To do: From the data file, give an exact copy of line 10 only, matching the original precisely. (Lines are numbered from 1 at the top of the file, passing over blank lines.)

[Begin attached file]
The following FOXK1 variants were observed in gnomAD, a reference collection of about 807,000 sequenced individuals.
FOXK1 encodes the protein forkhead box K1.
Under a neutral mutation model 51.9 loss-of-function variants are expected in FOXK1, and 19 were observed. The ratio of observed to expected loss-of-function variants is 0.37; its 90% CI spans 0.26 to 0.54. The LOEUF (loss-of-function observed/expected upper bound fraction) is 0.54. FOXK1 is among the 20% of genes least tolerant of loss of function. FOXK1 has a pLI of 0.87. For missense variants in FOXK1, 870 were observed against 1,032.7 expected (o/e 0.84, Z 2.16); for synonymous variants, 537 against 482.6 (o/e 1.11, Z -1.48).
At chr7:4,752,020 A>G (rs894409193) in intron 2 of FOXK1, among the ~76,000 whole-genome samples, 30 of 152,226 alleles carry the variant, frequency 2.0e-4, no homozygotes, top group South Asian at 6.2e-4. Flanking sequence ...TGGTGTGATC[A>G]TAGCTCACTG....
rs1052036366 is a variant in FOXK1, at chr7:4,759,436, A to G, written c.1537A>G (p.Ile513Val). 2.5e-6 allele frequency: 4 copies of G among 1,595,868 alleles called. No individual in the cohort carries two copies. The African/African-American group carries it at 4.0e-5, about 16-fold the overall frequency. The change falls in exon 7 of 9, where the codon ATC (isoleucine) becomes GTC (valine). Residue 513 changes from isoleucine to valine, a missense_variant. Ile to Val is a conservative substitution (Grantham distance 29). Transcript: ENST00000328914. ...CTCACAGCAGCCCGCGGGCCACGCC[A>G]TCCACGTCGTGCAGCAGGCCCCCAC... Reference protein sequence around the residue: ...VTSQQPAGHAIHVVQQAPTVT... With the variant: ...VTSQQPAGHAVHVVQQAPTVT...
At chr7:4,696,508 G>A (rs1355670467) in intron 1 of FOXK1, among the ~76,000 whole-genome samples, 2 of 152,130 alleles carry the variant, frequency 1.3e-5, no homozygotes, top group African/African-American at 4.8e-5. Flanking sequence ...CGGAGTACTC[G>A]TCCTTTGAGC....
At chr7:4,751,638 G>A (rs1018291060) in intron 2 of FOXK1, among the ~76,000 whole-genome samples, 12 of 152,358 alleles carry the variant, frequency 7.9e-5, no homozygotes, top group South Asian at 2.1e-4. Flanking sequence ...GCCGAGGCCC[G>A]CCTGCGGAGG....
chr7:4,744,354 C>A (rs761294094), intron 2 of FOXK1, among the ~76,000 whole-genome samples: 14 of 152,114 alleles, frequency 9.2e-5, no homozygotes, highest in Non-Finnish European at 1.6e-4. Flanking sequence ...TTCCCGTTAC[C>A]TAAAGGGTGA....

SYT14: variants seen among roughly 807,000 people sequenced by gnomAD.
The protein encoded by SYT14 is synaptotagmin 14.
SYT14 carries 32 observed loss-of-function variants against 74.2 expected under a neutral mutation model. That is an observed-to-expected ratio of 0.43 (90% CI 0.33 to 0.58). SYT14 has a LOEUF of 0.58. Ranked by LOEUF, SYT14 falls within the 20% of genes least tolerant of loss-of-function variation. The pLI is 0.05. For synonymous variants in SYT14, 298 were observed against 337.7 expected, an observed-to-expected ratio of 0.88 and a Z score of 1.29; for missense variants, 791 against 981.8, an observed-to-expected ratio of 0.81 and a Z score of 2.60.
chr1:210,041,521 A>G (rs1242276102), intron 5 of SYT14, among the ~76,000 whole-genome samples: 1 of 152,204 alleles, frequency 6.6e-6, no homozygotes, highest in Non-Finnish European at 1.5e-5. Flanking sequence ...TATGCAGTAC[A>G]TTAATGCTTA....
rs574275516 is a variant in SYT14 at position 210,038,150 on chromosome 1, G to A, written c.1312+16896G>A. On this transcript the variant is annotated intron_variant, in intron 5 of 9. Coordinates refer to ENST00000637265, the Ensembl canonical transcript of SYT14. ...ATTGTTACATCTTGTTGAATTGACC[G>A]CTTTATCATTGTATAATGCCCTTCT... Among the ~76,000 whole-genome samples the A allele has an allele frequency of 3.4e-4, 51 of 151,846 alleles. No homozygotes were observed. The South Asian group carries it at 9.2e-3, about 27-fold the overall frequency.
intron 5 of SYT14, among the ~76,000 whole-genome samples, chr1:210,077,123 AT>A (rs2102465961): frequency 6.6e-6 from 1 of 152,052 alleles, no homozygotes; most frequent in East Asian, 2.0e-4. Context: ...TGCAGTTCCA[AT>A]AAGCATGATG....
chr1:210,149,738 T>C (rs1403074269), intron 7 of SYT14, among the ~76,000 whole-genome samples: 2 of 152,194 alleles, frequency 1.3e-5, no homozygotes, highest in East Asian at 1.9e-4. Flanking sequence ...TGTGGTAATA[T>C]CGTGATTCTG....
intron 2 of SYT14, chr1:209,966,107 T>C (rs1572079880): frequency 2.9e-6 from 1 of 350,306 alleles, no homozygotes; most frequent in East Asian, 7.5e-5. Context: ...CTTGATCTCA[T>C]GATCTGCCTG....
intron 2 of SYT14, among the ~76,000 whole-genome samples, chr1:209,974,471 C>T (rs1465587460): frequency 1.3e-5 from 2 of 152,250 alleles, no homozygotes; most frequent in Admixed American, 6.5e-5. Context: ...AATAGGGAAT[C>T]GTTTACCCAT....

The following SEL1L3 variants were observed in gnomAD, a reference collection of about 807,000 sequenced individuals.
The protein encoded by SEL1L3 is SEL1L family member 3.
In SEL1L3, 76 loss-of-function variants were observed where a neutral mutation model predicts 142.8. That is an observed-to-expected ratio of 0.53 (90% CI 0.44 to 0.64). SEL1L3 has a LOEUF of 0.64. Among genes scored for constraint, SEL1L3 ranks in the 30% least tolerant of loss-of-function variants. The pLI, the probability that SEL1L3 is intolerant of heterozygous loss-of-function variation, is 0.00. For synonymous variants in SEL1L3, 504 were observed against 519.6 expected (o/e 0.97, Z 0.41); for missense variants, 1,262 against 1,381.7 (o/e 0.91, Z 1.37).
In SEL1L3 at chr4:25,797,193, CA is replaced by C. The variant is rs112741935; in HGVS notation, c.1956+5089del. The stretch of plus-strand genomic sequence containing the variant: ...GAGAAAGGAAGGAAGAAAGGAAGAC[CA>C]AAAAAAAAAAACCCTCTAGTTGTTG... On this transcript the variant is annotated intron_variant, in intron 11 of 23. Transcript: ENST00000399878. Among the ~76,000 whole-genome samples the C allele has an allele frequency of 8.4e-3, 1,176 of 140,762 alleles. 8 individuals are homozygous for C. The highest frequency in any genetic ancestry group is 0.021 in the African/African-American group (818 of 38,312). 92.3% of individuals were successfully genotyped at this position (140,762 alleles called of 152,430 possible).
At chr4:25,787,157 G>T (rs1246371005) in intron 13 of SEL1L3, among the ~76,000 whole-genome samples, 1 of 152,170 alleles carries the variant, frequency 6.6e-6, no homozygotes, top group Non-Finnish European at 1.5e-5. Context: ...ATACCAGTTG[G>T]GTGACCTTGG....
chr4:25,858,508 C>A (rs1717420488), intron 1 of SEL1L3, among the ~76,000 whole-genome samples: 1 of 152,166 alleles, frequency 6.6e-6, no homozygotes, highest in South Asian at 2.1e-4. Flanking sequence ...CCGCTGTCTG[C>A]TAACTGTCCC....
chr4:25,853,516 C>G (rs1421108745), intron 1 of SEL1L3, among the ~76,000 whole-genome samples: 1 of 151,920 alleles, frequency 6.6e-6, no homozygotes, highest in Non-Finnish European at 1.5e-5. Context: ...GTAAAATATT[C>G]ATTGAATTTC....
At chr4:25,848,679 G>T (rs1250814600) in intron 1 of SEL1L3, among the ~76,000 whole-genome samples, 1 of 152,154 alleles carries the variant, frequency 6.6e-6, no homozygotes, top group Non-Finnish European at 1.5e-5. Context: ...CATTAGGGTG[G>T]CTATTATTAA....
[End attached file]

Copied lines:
The protein encoded by SYT14 is synaptotagmin 14.